- If you’re scheduled for a shift that’s supposed to last more than 8 hours, you must be paid for at least 4 hours, even if you work less than this or are sent home without working at all.
- There are 2 types of overtime pay: daily overtime and weekly overtime.
- Daily overtime: After working 8 hours you should be paid time-and-a-half (1.5 x your hourly wage). After working 12 hours you should be paid double-time (2 x your hourly wage).
- Weekly overtime: If you work over 40 hours in a week, you should be paid time-and-a-half for all hours worked after 40 hours. For example, if you work 45 hours in a week, you must be paid for 5 hours of overtime. Weekly overtime applies even if you never work more than 8 hours in a day (see example below).
|Daily hours||8||7||8||8||7||7||Total hours worked in week =45
= 40 regular hours and 5 overtime hours paid at time-and-a-half
- Split shifts must be completed within 12 hours of when the shift starts. For example: if you’re scheduled to work a breakfast shift at 8am and a dinner shift at 5pm, you must finish work at 8pm.
- You must get eight hours off between shifts unless required to work because of an emergency.
- You should have at least 32 consecutive hours free from work every 7 days. This is called a rest period. If you work during this rest period, you must be paid time-and-a-half.
- Your employer must give you unpaid leaves for the following reasons:
- Maternity leave: A pregnant employee can take up to 17 consecutive weeks. This leave may be extended by up to six weeks.
- Parental leave: An employee who has taken maternity leave can take to up to 61 weeks. Other parents can take up to 62 weeks. The leave can begin at any time within 78 weeks of a baby being born or a child being placed. It may be extended by up to five weeks.
- Family responsibility leave: An employee can take up to five days in each employment year to attend to the care, health or education of a child under the age of 19 in their care. They can also use this type of leave to attend to the care or health of any other member of their immediate family.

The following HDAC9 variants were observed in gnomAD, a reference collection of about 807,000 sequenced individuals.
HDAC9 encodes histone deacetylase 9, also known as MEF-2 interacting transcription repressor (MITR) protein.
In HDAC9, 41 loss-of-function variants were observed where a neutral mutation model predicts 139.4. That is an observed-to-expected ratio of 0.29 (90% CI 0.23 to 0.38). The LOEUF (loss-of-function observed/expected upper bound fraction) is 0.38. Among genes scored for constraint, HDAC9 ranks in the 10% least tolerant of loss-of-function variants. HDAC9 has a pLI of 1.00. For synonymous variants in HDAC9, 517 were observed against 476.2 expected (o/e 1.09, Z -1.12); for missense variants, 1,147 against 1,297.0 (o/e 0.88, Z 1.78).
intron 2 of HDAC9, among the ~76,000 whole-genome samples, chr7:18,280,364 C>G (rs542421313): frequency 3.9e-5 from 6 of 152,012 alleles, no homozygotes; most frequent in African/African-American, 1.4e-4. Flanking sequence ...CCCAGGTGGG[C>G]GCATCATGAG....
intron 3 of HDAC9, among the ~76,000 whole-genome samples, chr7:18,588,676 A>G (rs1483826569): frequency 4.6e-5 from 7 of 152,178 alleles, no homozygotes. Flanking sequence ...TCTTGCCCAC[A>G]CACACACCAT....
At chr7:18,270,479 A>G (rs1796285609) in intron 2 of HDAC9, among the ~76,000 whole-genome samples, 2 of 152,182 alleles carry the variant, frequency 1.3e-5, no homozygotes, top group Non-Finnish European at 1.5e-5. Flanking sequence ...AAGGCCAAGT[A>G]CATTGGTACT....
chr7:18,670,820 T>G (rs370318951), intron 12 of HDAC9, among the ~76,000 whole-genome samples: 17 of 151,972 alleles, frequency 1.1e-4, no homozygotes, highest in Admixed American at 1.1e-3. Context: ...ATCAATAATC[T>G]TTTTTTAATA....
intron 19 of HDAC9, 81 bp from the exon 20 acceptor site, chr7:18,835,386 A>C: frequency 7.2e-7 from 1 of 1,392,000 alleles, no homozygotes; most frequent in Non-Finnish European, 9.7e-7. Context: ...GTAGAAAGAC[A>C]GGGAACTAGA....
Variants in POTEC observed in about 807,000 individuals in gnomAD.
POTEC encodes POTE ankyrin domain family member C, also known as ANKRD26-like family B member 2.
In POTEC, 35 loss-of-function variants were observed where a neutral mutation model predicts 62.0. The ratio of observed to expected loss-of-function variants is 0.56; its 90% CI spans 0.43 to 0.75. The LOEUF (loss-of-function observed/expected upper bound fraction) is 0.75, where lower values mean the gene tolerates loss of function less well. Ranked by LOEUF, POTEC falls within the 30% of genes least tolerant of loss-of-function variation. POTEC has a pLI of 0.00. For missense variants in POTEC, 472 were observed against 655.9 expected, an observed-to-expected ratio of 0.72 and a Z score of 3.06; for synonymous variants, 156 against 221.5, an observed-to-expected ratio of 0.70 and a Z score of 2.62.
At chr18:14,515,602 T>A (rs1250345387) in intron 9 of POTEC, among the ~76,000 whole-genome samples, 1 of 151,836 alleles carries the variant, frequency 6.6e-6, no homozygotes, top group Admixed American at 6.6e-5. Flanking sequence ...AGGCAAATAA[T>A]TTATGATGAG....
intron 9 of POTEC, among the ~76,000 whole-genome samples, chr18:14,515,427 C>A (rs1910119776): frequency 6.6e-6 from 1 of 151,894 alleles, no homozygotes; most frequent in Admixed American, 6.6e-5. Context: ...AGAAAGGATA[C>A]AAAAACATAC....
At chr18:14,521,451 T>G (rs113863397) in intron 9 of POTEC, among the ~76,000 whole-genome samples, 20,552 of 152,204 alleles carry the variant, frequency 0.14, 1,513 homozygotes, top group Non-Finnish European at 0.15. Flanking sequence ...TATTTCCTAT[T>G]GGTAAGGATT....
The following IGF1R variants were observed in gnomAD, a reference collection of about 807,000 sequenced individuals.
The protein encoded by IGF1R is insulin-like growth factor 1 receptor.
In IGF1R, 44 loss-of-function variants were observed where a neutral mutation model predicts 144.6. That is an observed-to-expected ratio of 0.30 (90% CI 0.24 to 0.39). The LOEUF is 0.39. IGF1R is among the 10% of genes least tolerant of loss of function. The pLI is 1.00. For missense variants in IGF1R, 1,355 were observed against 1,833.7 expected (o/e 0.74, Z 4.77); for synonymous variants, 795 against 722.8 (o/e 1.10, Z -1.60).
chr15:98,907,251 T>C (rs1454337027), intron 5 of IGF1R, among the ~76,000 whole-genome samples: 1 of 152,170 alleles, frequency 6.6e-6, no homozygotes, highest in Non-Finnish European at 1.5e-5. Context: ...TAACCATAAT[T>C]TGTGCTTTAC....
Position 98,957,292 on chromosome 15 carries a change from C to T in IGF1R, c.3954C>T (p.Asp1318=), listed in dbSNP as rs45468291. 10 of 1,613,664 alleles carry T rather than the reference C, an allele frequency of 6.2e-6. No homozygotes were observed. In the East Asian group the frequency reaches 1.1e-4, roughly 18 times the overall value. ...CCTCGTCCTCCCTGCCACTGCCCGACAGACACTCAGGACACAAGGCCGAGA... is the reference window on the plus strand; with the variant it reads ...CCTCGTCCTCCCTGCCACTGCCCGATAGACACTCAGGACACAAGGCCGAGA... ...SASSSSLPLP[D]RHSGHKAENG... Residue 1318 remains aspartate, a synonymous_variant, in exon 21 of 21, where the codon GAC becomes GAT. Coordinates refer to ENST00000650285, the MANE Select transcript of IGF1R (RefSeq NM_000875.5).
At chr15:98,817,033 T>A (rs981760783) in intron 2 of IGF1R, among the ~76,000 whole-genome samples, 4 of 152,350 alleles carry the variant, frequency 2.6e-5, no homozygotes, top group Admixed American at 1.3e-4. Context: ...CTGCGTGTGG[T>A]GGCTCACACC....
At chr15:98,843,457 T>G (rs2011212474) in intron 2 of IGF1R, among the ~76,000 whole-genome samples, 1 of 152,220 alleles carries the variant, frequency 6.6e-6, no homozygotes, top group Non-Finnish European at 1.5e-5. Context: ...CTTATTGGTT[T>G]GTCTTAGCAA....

- Leave respecting domestic or sexual violence: An employee is entitled to 10 days per calendar year for situations related to domestic or sexual violence, plus additional time if necessary.
- Critical illness or injury leave: An employee can take 36 weeks to care for a child and up to 16 weeks to care for a family member over the age of 19. A medical certificate is required.
- Compassionate care leave: An employee can take up to 27 weeks in a 52-week period to provide care for a family member who is terminally ill and is at risk of death within 26 weeks. A medical certificate is required.
- Bereavement leave: An employee can take up to three days if an immediate family member dies.
- Leave respecting disappearance or death or a child: An employee can take up to 52 weeks if their child disappears and up to 104 weeks for the death of their child.
- Jury duty leave: An employee can take leave to attend court as a juror.
- Reservists’ leave: An employee who is a reservist for the Canadian Forces is entitled to 20 days of unpaid leave in a calendar year to participate in specific duties.
- After completing one year of employment you’re entitled to two weeks vacation (4% of your total earnings). After five years, an employee is entitled to three weeks vacation (6% of your total earnings).
- You are entitled to take your vacation in periods of one or more weeks. You need to take your vacation within 12 months of it being earned. If you work less than one year you are not entitled to take a vacation, but you still must be paid 4% vacation pay if you quit or get fired. If you work at a place for 5 calendar days or less, you don’t get vacation pay.
Health & Safety
- You have the right to refuse unsafe work.
- If you work alone in a retail position after 11pm, your employer must make sure that you are safe from harm.
- You can’t be forced to work excessive hours that put your health or safety at risk.
- Employers, management, co-workers, and customers are not allowed to discriminate against you based on race, place of origin, ethnicity, religion, gender expression or identity, sex (including sexual harassment or pregnancy), sexual orientation, age (over 19), mental or physical disability, and family or marital status.
- If you experience discrimination at work you can file a human rights complaint with the BC Human Rights Tribunal. Your complaint must usually be filed within 1 year from the incident your complaint is about. If your complaint is about an ongoing issue, then you must file within 1 year of the last incident. If this time period has already passed, there are certain exceptions that the Human Rights Tribunal may make to still allow you to file the complaint. (E.g. when it is in the public interest to accept your complaint)